Symposium on Cultural, Existential and Phenomenological Dimensions of Bereavement
This symposium is intended to be a forum for interdisciplinary perspectives on the intersections between the cultural, existential and phenomenological dimensions of grief and bereavement. The symposium takes place in Copenhagen.
11.11.2019 - 12.11.2019
As Peter Berger famously argued, “every human society is, in the last resort, men banded together in the face of death.” Individually as well as culturally, human existence is structured by the awareness of our mortality. This not only holds true concerning the horizon of one’s own life, as a great many existentialist authors have emphasised, but death equally structures our relations to significant Others. Our vulnerability in the face of death is a precondition for love and commitment. Hence, in so far as we form relations and attachments, we are exposed to the suffering from loss. Being human means being vulnerable to loss, and as such grief is a universal human phenomenon. However, the cultural practices and beliefs surrounding death and bereavement vary profoundly across history and culture, giving shape to substantial variation in terms of how people in different cultural settings relate to and experience loss.
This symposium is intended to be a forum for interdisciplinary perspectives on the intersections between the cultural, existential and phenomenological dimensions of grief and bereavement. Specifically, we aim to shed light on the constitutive role of grief and bereavement in all human life, and not only derivatively, as a matter of pathology. Themes to be addressed include the following:
- What characterises the experience of the death of the Other?
- What, if anything, is specific to the experience of bereavement?
- What are the dynamics and points of transfer between sociogenesis and ontogenesis in grief, and how may these be analysed?
- What is the importance of cultural practices and beliefs in mediating processes of grief?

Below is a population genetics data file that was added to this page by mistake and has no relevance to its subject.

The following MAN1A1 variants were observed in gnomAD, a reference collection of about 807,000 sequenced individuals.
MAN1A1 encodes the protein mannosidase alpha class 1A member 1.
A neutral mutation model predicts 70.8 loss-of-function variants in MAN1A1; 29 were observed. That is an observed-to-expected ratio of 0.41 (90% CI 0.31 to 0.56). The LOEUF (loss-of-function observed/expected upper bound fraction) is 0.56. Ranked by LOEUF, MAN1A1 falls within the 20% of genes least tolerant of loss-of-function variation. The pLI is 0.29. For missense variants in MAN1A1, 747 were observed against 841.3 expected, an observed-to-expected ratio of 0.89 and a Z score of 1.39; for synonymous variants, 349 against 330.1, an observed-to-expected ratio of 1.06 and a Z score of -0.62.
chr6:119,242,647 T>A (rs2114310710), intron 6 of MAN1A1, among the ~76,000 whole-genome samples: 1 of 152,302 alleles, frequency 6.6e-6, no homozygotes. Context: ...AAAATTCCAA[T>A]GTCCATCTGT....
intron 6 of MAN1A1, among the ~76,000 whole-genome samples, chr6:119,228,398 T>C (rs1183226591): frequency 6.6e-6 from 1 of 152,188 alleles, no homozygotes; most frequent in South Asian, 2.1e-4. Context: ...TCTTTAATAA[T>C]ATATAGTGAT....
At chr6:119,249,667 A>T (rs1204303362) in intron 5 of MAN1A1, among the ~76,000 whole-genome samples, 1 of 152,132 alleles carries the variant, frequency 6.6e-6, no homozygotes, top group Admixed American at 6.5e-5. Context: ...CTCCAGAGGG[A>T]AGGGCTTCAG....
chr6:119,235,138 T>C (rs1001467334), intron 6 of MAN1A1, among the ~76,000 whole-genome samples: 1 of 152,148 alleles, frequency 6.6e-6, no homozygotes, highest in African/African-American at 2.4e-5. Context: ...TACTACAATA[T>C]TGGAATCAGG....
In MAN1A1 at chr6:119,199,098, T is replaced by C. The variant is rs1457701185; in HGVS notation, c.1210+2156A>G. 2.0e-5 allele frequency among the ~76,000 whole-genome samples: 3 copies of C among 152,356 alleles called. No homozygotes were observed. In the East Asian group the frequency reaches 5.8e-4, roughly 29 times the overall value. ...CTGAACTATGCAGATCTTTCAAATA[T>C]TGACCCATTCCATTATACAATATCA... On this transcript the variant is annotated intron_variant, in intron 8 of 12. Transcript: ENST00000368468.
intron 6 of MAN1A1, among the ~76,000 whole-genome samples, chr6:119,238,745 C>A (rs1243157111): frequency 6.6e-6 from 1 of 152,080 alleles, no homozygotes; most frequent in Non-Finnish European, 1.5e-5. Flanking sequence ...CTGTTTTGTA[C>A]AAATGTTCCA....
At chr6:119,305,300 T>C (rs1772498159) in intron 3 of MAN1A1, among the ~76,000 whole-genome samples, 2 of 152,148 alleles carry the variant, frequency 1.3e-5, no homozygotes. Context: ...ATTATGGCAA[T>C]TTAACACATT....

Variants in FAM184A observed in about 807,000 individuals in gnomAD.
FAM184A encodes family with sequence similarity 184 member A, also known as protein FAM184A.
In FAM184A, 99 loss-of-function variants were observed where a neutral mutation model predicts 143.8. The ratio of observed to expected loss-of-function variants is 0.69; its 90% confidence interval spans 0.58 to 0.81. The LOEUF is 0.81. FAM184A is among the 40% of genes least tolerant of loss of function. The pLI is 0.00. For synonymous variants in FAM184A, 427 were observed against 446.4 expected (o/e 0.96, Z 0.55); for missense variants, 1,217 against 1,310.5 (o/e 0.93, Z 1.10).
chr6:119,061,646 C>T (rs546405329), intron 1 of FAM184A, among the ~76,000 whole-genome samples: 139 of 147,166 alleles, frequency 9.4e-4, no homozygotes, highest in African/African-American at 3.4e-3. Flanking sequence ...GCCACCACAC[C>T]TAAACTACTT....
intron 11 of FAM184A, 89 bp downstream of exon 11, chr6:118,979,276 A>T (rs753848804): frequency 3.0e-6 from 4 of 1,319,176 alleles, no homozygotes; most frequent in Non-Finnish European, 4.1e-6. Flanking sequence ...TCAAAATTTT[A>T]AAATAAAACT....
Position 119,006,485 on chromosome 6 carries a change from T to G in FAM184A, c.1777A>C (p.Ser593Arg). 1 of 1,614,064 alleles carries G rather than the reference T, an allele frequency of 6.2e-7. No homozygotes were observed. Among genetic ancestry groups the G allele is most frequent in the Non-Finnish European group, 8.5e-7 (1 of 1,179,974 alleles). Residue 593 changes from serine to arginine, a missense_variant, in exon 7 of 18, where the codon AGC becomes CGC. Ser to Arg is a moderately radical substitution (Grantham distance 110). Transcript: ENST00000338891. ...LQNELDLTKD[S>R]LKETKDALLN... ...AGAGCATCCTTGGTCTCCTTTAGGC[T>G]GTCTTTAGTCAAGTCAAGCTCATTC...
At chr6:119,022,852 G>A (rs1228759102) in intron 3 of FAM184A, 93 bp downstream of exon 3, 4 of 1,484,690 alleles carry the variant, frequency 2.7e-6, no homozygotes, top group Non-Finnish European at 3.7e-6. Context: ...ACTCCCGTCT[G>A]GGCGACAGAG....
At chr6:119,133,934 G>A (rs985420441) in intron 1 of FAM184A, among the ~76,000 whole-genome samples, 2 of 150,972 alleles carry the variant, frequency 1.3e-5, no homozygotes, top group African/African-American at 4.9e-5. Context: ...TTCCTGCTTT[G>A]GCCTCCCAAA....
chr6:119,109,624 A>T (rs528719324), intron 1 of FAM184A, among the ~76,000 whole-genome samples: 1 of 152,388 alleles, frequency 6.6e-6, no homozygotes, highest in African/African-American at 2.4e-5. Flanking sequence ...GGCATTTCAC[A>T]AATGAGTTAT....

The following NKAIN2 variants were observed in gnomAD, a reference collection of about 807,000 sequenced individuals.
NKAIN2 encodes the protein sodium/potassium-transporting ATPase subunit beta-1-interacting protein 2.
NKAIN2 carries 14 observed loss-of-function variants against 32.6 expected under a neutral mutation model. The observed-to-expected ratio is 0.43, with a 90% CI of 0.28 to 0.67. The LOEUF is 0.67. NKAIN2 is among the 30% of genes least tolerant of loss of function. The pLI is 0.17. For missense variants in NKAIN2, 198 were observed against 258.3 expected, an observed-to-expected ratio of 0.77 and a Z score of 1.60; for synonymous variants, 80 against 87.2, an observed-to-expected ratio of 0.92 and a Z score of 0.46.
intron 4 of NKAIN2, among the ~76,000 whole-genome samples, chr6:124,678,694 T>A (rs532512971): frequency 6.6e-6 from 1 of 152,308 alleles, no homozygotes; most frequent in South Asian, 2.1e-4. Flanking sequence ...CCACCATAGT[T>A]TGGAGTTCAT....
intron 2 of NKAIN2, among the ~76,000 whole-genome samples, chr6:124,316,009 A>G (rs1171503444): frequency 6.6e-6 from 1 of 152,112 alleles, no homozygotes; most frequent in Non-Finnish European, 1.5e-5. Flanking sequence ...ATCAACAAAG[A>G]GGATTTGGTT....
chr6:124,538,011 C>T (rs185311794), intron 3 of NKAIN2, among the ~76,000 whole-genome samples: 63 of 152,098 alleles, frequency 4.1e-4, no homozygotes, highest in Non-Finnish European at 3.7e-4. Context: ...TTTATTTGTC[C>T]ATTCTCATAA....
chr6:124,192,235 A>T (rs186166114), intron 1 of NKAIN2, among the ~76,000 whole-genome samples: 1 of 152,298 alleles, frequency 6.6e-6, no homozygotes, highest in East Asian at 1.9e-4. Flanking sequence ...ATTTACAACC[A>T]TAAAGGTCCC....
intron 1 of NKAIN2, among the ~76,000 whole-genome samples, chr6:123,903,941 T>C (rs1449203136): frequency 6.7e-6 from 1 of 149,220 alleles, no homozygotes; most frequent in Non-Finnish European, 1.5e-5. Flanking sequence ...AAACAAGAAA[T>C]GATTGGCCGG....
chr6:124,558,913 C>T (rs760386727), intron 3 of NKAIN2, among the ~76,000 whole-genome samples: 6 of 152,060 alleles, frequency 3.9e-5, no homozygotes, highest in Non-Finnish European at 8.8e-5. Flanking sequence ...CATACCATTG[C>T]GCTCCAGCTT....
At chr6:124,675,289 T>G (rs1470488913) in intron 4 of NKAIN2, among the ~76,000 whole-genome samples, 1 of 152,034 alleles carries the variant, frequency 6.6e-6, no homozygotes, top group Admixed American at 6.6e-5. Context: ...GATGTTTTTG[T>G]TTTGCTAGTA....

- What are the current conditions of possibility for grieving in Western cultures?
The symposium is arranged as part of the research project The Culture of Grief at Aalborg University, Denmark. The aim is to create a small-scale symposium with leading researchers in the field in order to encourage joint conversation and discussion. The symposium will be open to a limited public audience.
Dr. Dennis Klass, professor emeritus, Webster University in St. Louis, Missouri (US)
Dr. Kathleen Higgins, professor of philosophy, University of Texas at Austin (US)
Dr. Thomas Attig, professor emeritus of philosophy from Bowling Green State University, independent applied philosopher and author (US)
Dr. Kirsten Jacobson, professor of philosophy, University of Maine (US)
Dr. Tony Walter, professor emeritus of Death Studies, University of Bath (UK)
Dr. Leeat Granek, Associate Professor, School of Health Policy and Management, Faculty of Health, York University in Toronto, Canada.
Dr. Thomas Fuchs, Professor of Philosophy and Psychiatry, Universität Heidelberg (Germany)
Dr. Edith Maria Steffen, senior lecturer in counselling psychology, University of Roehampton (UK)
Dr. Matthew Ratcliffe, professor of philosophy, University of York (UK)
Questions concerning registration, venue etc. can be directed to Charlotte Hyldgaard (firstname.lastname@example.org)
Registration through this link:
Monday Nov 11th
09:30-10:00: Welcome (Coffee, croissants/fruit)
10:00- 10:25: Svend Brinkmann: The culture of grief: Framing
10:30-11:30: Dennis Klass: Themes in Continuing Bonds: Cultural, Existential, and Phenomenological
Break 15 min
11:45– 12:45: Leeat Granek: Gender dynamics and gendered expectations on expression of grief
13:45-14:45: Matthew Ratcliffe: Some Phenomenological Reflections on Bereavement Hallucinations and Continuing Bonds
15:45- 14:45: Kathleen Higgins: Haunted Spaces, Forlorn Objects – Aesthetics as a Way of Coping
14:45-15:00 Break: coffee/cake
15:00-16:30: Moderated discussion: Take-away of the day
Tuesday Nov 12th
08:30-09:00: Welcome (Coffee, croissants/fruit)
09:00-10:00: Thomas Fuchs: Mourning, Melancholy, and Depression. An existential phenomenology of reactions to transience
10:00-11:00: Kirsten Jacobson: Grief and the Photograph: a Phenomenology of Captured Time and Its Resonances with Death
Break 15 min
11:15-12:15: Thomas Attig: Phenomenological perspectives on contemporary grief theory
13:15- 14:15: Tony Walter: Finding solace in nature – a protestant/secular sensibility?
14:15-15:15: Edith Steffen: TBA
15:15-15:30 Break (coffee/cake)
15:30-16:30: Moderated discussion
16:30-17:00 Farewells and continued bonds
Aalborg University Copenhagen, A. C. Meyers Vænge 15 2450 Copenhagen SV, Denmark